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Flying as safely as possible amid global pandemic

1 month 1 week 4 days ago Tuesday, June 02 2020 Jun 2, 2020 June 02, 2020 3:28 PM June 02, 2020 in News
Source: CNN

BATON ROUGE- The coronavirus outbreak kept many from traveling this summer as travel restrictions tightened and social distancing measures increased. An epidemiologist and exposure scientist break down the experience and explain how you can travel safely.

The primary concern with flying, or traveling by bus or train, is sitting within six feet of an infected person. Risk of exposure is determined by your duration of time exposed and the amount of virus-contaminated droplets in the air.

A secondary concern is contact with contaminated surfaces. Sharing an armrest, restroom handle, seat tray, or other items, the virus can survive for hours, though it degrades over time. By touching an infected surface, the risk of infection spikes as you touch your face.

While there is no way to ensure air travel is 100% safe, experts say there are plenty of ways to make it safer.

Occupational health experts call the decision making the 'hierarchy of controls.' The approach does two things. It focuses on strategies to control exposures close to the source and it minimizes how much you have to rely on individual human behavior to control exposure. 

In addition to avoiding infected people or surfaces, it is important to remember that you may be infectious as well.

The best way to control exposure is to eliminate the hazard. If the trip is not necessary, you may want to eliminate travel or find safer ways to get to your destination. If you are healthy and those you visit are healthy, think about ways to substitute the hazard. Is it possible to drive? This would allow you to have more control over minimizing your exposures, particularly if the distance is less than a day of travel.

If you choose to fly, some airlines have altered seating and boarding policies to minimize the spread of COVID. Some are minimizing capacity and spacing passengers, others are boarding from the back of the plane. Some airlines have been criticized for filling their planes to capacity, and have since allowed customers to cancel their flights if the flight goes over 70% seating capacity.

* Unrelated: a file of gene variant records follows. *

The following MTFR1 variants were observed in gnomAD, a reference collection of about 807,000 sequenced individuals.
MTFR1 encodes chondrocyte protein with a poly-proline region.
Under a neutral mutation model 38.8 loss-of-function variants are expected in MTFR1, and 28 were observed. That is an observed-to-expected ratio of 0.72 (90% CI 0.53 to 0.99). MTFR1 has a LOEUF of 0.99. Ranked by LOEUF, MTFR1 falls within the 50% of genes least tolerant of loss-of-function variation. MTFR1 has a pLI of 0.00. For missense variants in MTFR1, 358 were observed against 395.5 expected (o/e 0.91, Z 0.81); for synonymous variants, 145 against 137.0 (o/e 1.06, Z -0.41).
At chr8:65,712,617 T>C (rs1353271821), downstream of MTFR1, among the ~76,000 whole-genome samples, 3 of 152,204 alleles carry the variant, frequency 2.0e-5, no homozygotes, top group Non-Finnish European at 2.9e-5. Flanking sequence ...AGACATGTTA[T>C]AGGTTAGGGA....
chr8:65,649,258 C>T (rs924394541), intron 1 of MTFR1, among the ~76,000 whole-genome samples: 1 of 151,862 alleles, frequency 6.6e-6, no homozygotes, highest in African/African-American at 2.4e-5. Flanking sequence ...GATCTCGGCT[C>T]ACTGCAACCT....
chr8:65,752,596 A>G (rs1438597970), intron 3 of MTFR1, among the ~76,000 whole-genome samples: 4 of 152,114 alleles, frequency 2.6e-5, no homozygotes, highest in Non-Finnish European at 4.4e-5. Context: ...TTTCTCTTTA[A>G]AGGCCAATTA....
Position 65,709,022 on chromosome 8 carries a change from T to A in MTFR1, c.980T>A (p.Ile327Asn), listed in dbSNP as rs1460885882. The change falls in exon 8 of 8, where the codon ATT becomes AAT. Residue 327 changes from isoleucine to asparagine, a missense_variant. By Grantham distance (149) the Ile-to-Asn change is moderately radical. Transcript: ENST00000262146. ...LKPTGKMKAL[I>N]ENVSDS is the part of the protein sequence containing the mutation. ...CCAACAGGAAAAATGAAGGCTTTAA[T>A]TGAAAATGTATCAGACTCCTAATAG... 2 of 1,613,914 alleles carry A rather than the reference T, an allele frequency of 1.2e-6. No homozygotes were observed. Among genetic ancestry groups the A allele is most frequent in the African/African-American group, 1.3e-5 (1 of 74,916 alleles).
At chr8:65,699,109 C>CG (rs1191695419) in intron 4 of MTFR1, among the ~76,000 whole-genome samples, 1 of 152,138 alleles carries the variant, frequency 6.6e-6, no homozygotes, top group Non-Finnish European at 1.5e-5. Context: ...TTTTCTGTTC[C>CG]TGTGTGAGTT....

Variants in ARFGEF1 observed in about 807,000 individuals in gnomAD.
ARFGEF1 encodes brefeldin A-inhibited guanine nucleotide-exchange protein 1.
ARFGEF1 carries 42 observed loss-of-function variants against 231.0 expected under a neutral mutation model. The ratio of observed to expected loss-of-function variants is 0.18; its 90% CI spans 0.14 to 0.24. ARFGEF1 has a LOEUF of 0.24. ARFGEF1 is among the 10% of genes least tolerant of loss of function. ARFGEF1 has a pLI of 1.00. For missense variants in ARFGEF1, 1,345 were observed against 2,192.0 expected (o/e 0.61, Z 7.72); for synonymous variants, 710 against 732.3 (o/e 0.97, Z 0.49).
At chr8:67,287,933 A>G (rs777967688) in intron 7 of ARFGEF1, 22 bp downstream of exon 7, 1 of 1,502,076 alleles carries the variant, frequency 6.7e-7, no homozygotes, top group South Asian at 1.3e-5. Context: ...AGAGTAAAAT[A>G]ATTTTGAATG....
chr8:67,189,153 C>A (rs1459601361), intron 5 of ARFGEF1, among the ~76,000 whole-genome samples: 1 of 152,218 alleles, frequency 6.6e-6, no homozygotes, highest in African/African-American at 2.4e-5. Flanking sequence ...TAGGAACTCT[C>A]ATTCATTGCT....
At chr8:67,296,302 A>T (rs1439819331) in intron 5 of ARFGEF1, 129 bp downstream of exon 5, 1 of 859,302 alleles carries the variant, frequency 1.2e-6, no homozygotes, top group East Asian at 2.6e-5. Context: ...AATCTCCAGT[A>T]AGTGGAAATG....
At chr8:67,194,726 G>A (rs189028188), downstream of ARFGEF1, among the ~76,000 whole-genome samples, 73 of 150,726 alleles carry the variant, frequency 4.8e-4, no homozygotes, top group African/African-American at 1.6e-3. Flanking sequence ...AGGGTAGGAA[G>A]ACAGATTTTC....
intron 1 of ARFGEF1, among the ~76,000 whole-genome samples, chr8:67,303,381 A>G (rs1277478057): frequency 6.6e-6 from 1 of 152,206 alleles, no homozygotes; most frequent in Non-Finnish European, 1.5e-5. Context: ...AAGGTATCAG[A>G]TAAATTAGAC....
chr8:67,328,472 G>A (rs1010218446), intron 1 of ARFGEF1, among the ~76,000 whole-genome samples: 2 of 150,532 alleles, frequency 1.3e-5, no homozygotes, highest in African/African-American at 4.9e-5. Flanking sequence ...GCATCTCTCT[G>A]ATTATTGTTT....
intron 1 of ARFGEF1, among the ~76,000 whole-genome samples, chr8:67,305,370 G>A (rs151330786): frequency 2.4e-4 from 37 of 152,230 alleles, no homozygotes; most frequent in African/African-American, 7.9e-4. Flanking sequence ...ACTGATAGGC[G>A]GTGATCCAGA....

Federal and state guidelines are changing constantly, so it is important to research the most recent guidance from government agencies, airlines, and airports you will be using before booking your trip.

Experts advise travelers to book shorter flights, even if that means using multiple planes to get to your destination. CNN reports, "This will decrease the likelihood of having to use the lavatory and the duration of exposure to an infectious person on the plane."

When choosing your seat on the airbus, health officials advise a window sear if possible. Having a wall on one side of you will reduce the number of people you are exposed to during the flight in half, considering the six-foot radius circle.

Airlines will have engineering controls that are designed to isolate hazards, CNN reports. These include ventilation systems, on-board barriers, and electrostatic disinfectant sprays on flights. When these ventilation systems are operating, planes have a high ratio of outside fresh air to recirculated air, which is about 10 times higher than most commercial buildings. Most planes' ventilation systems are equipped with HEPA filters, which are at least 99.9% effective at removing particles that are over .3 microns in diameter, according to CNN.

You will come into contact with many surfaces from shuttle to seat. To minimize the risk of exposure, health officials recommend the following:

- Bring hand wipes to disinfect surfaces (Seatbelt, armrests, seat tray)

- Plastic zip bags for personal items that others may handle (ID, passport)

- Wash hands or sanitize as often as possible

- Once seated, stay put

- Wear a mask. (N95 if possible, others can provide protection) The face-covering should be tested to make sure you have a good fit.

- Do not depend on gloves as that can lead to a false sense of security and have been associated with reduced hand hygiene practices.

- If traveling with children, it may be difficult to get them to wear a mask. Children under 2 should not wear a mask

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